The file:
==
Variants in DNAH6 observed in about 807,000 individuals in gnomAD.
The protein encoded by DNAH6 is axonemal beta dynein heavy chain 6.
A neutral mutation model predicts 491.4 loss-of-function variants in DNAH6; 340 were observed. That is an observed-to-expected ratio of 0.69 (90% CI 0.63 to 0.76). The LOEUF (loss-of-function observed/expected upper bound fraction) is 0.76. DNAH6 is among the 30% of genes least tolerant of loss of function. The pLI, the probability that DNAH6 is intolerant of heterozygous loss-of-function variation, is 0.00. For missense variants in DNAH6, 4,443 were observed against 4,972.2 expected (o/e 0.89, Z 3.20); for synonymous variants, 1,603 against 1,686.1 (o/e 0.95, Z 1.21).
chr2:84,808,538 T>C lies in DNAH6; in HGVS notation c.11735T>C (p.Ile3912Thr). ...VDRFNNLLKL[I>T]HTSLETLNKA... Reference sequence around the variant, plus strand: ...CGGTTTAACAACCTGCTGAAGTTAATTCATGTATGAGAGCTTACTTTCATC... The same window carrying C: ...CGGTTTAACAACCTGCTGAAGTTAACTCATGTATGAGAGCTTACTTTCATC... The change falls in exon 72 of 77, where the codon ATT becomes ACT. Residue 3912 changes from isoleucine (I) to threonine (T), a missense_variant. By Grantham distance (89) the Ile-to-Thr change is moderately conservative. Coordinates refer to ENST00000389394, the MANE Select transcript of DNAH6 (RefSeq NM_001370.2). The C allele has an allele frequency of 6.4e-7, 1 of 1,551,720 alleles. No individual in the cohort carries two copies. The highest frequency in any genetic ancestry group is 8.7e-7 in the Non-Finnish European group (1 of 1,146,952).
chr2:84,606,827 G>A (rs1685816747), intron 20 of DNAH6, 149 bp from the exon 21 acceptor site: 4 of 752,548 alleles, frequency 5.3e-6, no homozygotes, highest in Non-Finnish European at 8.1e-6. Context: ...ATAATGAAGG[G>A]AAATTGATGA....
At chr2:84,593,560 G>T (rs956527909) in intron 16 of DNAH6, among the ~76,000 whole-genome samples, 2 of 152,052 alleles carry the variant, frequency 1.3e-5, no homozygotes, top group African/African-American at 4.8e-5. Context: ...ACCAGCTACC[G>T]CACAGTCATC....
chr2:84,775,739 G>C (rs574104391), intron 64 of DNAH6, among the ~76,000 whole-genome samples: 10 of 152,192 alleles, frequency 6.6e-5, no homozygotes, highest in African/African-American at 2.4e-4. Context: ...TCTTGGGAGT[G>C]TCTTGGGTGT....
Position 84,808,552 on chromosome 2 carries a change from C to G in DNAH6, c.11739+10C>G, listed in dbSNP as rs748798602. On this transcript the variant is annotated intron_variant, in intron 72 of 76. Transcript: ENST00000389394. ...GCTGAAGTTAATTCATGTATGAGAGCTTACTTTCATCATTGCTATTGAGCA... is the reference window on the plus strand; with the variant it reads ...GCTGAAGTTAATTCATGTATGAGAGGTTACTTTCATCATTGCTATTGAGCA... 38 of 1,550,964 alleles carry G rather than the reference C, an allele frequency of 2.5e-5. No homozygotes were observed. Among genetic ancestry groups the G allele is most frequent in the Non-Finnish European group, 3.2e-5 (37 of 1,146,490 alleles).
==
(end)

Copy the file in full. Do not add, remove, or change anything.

Variants in DNAH6 observed in about 807,000 individuals in gnomAD.
The protein encoded by DNAH6 is axonemal beta dynein heavy chain 6.
A neutral mutation model predicts 491.4 loss-of-function variants in DNAH6; 340 were observed. That is an observed-to-expected ratio of 0.69 (90% CI 0.63 to 0.76). The LOEUF (loss-of-function observed/expected upper bound fraction) is 0.76. DNAH6 is among the 30% of genes least tolerant of loss of function. The pLI, the probability that DNAH6 is intolerant of heterozygous loss-of-function variation, is 0.00. For missense variants in DNAH6, 4,443 were observed against 4,972.2 expected (o/e 0.89, Z 3.20); for synonymous variants, 1,603 against 1,686.1 (o/e 0.95, Z 1.21).
chr2:84,808,538 T>C lies in DNAH6; in HGVS notation c.11735T>C (p.Ile3912Thr). ...VDRFNNLLKL[I>T]HTSLETLNKA... Reference sequence around the variant, plus strand: ...CGGTTTAACAACCTGCTGAAGTTAATTCATGTATGAGAGCTTACTTTCATC... The same window carrying C: ...CGGTTTAACAACCTGCTGAAGTTAACTCATGTATGAGAGCTTACTTTCATC... The change falls in exon 72 of 77, where the codon ATT becomes ACT. Residue 3912 changes from isoleucine (I) to threonine (T), a missense_variant. By Grantham distance (89) the Ile-to-Thr change is moderately conservative. Coordinates refer to ENST00000389394, the MANE Select transcript of DNAH6 (RefSeq NM_001370.2). The C allele has an allele frequency of 6.4e-7, 1 of 1,551,720 alleles. No individual in the cohort carries two copies. The highest frequency in any genetic ancestry group is 8.7e-7 in the Non-Finnish European group (1 of 1,146,952).
chr2:84,606,827 G>A (rs1685816747), intron 20 of DNAH6, 149 bp from the exon 21 acceptor site: 4 of 752,548 alleles, frequency 5.3e-6, no homozygotes, highest in Non-Finnish European at 8.1e-6. Context: ...ATAATGAAGG[G>A]AAATTGATGA....
At chr2:84,593,560 G>T (rs956527909) in intron 16 of DNAH6, among the ~76,000 whole-genome samples, 2 of 152,052 alleles carry the variant, frequency 1.3e-5, no homozygotes, top group African/African-American at 4.8e-5. Context: ...ACCAGCTACC[G>T]CACAGTCATC....
chr2:84,775,739 G>C (rs574104391), intron 64 of DNAH6, among the ~76,000 whole-genome samples: 10 of 152,192 alleles, frequency 6.6e-5, no homozygotes, highest in African/African-American at 2.4e-4. Context: ...TCTTGGGAGT[G>C]TCTTGGGTGT....
Position 84,808,552 on chromosome 2 carries a change from C to G in DNAH6, c.11739+10C>G, listed in dbSNP as rs748798602. On this transcript the variant is annotated intron_variant, in intron 72 of 76. Transcript: ENST00000389394. ...GCTGAAGTTAATTCATGTATGAGAGCTTACTTTCATCATTGCTATTGAGCA... is the reference window on the plus strand; with the variant it reads ...GCTGAAGTTAATTCATGTATGAGAGGTTACTTTCATCATTGCTATTGAGCA... 38 of 1,550,964 alleles carry G rather than the reference C, an allele frequency of 2.5e-5. No homozygotes were observed. Among genetic ancestry groups the G allele is most frequent in the Non-Finnish European group, 3.2e-5 (37 of 1,146,490 alleles).